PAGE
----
RBI panel proposes to raise promoters cap to 26% in private banks

RBI panel proposes to raise promoters cap to 26% in private banks

The committee has suggested that industrial houses whose NBFCs have assets of more than Rs 50 thousand crore should be converted into banks. The working group's proposal if accepted can do away with the need to have a holding company when there is only one business (small finance bank) under it. However, when Tata Sons came to know that the guidelines of the Reserve Bank of India were too strict, which could harm other businesses of the Tata Group, it withdrew the banking application.

The IWG, set up in June, has also suggested that large corporate or industrial houses be allowed as promoters of banks only after necessary amendments to the Banking Regulation Act, 1949 (to prevent connected lending and exposures between the banks and other financial and non-financial group entities); and strengthening of the supervisory mechanism for large conglomerates, including consolidated supervision.

India's banking sector could be in for an overhaul if the RBI implements a report authored by its internal working group on private bank ownership. These parallel banking companies are incorporate under companies act and not under banking act.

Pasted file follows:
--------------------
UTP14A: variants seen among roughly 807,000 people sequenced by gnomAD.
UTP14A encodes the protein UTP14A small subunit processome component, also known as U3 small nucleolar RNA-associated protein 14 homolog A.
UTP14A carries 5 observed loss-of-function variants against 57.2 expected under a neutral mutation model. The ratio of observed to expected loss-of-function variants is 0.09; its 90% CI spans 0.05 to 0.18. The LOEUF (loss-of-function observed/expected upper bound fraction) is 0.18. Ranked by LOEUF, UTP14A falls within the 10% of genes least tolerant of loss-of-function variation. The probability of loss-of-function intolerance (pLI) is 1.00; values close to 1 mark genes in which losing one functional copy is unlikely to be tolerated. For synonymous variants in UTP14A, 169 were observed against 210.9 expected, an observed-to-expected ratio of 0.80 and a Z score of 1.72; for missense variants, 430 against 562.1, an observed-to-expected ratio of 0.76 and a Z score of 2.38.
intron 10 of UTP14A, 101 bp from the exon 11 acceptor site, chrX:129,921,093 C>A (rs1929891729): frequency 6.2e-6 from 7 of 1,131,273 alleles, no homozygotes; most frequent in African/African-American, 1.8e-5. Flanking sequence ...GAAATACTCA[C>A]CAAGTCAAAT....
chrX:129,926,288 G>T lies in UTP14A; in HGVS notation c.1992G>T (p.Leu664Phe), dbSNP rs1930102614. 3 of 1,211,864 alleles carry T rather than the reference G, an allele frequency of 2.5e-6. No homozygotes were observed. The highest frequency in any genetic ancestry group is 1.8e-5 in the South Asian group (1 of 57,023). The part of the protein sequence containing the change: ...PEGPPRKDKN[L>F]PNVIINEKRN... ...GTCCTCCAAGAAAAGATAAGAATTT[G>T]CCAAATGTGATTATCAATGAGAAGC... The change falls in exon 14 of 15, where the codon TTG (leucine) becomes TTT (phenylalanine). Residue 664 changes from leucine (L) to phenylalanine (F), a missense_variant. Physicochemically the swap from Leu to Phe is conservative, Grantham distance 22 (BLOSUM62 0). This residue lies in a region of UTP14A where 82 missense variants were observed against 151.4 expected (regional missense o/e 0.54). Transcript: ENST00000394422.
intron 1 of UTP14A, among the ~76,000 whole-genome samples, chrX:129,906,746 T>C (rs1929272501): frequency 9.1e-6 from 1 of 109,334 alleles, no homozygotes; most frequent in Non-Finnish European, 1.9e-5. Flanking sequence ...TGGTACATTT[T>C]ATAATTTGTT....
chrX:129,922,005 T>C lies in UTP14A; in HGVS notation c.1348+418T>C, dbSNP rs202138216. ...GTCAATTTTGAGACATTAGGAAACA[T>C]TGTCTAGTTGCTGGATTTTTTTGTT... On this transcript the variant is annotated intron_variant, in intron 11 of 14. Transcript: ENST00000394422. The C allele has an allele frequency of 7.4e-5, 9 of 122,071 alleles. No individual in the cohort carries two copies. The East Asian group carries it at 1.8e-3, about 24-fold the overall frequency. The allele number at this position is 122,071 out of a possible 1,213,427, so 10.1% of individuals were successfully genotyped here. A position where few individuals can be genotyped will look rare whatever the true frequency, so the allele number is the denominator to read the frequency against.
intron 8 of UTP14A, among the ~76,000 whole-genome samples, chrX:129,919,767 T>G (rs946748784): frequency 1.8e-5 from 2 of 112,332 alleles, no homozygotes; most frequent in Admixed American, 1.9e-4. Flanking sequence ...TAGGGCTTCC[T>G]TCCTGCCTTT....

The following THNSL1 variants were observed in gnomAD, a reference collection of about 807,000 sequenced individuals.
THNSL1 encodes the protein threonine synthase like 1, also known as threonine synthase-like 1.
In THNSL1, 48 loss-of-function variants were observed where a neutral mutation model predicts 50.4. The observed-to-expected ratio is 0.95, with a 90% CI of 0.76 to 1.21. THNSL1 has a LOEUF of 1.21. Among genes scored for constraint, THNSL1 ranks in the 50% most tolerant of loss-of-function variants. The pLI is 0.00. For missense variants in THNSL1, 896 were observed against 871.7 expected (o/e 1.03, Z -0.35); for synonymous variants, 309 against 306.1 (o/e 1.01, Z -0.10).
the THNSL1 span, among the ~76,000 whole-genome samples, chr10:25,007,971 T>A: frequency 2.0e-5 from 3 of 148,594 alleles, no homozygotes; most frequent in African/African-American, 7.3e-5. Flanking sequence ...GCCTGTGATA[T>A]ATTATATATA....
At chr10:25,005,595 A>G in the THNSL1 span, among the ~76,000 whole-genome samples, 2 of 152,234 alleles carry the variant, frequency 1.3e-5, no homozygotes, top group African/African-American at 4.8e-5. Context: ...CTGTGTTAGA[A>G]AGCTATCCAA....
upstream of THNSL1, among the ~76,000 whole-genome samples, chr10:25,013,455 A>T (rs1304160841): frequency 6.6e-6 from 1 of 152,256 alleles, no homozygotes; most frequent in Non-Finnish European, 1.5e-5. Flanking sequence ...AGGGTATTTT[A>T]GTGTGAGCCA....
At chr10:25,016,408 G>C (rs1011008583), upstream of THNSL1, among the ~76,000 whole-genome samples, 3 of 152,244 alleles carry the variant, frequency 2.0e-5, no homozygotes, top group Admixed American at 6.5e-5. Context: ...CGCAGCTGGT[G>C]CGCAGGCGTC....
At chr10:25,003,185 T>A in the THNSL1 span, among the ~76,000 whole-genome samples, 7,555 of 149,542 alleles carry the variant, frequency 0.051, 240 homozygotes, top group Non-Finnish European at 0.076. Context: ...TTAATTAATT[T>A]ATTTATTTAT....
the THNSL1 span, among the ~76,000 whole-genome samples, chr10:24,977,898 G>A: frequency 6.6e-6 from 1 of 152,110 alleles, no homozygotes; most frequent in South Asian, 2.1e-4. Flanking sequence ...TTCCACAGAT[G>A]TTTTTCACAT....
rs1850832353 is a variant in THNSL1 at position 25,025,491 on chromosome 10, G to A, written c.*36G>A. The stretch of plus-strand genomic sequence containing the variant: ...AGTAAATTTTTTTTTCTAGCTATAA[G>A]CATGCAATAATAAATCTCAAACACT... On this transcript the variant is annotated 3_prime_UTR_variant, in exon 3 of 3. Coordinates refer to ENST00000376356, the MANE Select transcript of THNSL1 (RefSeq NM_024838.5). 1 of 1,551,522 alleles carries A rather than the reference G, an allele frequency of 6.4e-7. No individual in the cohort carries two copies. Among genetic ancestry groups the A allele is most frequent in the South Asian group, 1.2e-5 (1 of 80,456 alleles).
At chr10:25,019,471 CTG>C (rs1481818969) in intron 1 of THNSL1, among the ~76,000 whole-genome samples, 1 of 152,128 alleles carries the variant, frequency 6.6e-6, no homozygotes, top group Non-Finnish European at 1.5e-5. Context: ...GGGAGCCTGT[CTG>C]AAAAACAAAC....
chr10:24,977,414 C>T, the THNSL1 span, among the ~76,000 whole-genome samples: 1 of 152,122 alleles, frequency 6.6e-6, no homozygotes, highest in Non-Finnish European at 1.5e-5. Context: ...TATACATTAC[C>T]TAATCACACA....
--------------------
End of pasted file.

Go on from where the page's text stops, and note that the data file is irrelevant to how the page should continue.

The panel has also suggested that well run NBFCs can be considered for conversion into banks if they have operated for 10 years and meet due diligence criteria.

In another update, the panel also suggested raising the cap on the stake of private bank promoters to 26 per cent from the current 15 per cent in the long run (15 years).

Previously, when RBI did issue private bank licenses, the banking regulator allowed corporate houses to apply.

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"This gives ample flexibility and time for promoters to bring down their holding to 26 per cent over the 10-year period", opines PN Vasudevan, MD and CEO, Equitas Small Finance Bank.

The RBI has sought comments of stakeholders and members of the public, to be submitted by January 15. But once the NOFHC structure achieves a tax-neutral status, all those banks shall move to the NOFHC structure within five years from the tax-neutrality announcement.

The IWG proposal also clearly states that the RBI must take steps to ensure harmonization and uniformity in different licensing guidelines, to the extent possible.

The IWG suggested that initial paid-up voting equity share capital required to set up a new small finance bank, may be increased to Rs 300 crore (it is now Rs 200 crore), while the same for universal banks be raised to Rs 1,000 crore (from Rs 500 crore). However, they may be permitted to make total investments in a financial or non-financial services company, which is not a subsidiary or joint venture or associate up to 20% of the bank's paid-up share capital and reserves.

For urban cooperative banks looking to transition to a small finance bank, The initial paid-up voting equity share capital/ net worth should be Rs 150 crore, which has to be increased to Rs 300 crore in five years, it further added. RBI will examine the comments and suggestions before taking a view in the matter.

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